Do you pay as much attention to the ingredients in your foundation as you do a bag of "low-fat" potato chips? We wondered how concerned you were about the safety of your cosmetics, and if you've ever switched products because your mascara, blush or lip-gloss didn't make the grade. Here's what you had to say.
Can Too Much Retinol Be Toxic?
I'm a 62 year-old woman (and how that happened, I will never know!) that uses moisturizer religiously. Thanks to staying out of the sun and having a grandmother who got me on the moisturizer regime early in life, my skin is in good shape, but I have been concerned about the long-term effects of switching to products with more oomph. It seems as though Retinol and other additives have been great for my skin, but is there a chance that they can build up to a level that might be toxic?

Susan Crawford
Carmel, NY

For Me, The Worry Isn't Just Skin Deep
As a woman who has lived with breast cancer, I am definitely concerned about the chemicals in some beauty products, especially with how they might interact with my endocrine system. My concern goes far beyond my own health or vanity. After all, it's too late to save the breast I gave up in 2000. But then I look at the statistics: 1 in 8 women will develop breast cancer, and seemingly, more young women—women in their 20s, whose bodies should be vibrantly healthy—are being diagnosed.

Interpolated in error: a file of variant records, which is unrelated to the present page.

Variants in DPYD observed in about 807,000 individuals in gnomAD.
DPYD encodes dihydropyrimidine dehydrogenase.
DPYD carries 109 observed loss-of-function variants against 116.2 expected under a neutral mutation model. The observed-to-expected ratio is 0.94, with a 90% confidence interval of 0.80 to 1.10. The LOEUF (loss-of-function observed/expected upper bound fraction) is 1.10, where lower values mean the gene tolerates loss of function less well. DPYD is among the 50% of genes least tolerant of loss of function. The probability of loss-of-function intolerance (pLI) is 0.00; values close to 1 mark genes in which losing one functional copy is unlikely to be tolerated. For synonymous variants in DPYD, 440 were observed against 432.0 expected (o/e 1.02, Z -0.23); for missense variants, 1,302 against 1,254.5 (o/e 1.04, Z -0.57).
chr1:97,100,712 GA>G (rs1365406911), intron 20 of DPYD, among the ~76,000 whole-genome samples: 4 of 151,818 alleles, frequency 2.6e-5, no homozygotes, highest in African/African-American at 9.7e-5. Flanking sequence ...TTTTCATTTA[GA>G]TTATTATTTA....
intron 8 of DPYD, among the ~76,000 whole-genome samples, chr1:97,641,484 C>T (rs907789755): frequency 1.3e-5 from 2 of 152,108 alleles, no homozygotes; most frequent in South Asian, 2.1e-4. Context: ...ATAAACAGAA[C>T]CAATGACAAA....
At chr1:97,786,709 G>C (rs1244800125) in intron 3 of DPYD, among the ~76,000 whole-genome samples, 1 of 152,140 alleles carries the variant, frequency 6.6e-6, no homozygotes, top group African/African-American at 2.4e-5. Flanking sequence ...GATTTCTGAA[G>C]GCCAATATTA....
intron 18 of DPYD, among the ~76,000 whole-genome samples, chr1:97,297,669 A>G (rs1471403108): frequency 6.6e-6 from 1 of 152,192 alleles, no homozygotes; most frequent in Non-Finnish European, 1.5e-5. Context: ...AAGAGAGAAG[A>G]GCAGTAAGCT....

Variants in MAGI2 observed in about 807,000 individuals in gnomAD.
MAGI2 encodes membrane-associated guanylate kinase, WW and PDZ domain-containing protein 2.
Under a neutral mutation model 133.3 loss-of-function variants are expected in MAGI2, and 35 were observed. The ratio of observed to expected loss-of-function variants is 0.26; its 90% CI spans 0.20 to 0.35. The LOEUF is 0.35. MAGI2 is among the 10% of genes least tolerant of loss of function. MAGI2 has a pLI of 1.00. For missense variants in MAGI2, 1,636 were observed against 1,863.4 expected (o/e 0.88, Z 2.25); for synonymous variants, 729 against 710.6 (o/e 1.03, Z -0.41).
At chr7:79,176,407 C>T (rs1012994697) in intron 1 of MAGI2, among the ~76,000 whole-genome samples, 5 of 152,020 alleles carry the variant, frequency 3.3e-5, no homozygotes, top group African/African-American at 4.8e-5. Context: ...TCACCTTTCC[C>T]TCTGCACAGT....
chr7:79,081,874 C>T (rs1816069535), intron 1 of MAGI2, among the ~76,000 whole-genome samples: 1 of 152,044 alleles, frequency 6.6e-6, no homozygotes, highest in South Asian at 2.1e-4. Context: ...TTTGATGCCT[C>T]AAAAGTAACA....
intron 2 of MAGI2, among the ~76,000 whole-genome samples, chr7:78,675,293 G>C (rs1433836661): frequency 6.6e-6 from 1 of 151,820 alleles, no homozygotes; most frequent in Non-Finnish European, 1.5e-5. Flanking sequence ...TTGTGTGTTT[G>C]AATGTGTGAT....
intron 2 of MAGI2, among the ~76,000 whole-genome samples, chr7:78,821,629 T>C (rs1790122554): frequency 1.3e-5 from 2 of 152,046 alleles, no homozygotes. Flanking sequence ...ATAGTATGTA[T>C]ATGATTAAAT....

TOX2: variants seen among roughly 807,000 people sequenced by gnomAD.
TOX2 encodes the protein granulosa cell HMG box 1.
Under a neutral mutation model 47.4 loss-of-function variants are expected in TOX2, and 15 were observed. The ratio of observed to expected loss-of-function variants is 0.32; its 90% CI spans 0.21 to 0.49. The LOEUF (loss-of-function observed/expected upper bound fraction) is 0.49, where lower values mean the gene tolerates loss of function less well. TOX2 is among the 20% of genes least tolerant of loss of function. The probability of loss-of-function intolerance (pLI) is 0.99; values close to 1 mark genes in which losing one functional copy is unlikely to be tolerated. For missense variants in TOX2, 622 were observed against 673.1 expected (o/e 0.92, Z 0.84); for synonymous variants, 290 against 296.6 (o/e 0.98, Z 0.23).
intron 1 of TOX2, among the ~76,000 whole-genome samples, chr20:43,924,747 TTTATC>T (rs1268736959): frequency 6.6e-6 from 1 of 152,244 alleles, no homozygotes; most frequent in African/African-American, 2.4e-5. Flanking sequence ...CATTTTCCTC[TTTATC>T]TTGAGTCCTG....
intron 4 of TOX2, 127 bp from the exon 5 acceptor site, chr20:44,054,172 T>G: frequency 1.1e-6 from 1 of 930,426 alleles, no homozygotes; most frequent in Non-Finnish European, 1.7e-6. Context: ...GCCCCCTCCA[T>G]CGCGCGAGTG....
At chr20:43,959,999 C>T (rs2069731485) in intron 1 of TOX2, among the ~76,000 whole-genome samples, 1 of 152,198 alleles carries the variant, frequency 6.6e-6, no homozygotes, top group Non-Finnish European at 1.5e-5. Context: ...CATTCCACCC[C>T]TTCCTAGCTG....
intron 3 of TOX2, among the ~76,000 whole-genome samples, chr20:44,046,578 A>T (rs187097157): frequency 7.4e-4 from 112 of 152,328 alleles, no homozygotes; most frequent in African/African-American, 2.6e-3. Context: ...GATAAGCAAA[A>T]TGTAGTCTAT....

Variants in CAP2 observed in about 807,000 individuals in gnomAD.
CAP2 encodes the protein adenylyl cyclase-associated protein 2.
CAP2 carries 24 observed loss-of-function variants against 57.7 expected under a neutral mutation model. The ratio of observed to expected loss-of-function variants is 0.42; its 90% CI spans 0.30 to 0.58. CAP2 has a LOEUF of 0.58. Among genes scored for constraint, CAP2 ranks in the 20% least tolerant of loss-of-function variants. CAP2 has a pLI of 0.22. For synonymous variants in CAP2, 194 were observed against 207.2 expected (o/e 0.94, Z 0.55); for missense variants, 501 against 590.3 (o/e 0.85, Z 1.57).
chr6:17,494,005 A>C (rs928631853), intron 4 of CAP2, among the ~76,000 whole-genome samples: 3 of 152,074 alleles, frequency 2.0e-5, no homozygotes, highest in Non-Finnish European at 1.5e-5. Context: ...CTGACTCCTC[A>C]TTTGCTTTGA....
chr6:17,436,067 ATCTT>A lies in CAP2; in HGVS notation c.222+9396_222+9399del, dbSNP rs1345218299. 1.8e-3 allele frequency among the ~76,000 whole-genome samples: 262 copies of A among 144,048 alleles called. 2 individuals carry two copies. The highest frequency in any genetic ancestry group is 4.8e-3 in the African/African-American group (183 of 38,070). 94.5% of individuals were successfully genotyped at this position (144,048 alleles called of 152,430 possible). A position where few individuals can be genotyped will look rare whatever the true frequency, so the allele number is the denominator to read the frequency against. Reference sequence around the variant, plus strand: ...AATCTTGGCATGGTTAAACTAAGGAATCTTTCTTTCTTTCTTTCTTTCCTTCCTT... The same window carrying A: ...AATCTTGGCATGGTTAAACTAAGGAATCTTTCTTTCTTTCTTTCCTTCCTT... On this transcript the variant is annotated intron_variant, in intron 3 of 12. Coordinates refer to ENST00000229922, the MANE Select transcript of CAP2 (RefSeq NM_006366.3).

Perhaps the safety of an isolated product is acceptable, but our bodies are subjected to a barrage of chemicals from multiple sources. Take a look at any label and it looks like alphabet soup!

Cathy Hudek
Dillon, CO

A Little of This, A Little of That—It's All Too Much!
You bet I am concerned about the "stuff" in my make-up. I first started reading about make-up ingredients while trying to discover ways to be more earth-friendly. First off, I was shocked by the amount of petroleum in everything. I soon started paying even more attention to labels and was horrified when I saw ingredients like formaldehyde and urea. I used to work with these products in medical research labs and I would have to wear special clothing and gloves to protect myself. And here I am putting them directly on my body.

Granted, the FDA says that the amounts are negligible, but if everything, including household products, make-up, soap and food preservatives, have these small amounts, that's what really worries me.

Isabel Gomes McCann
Rochester, MA



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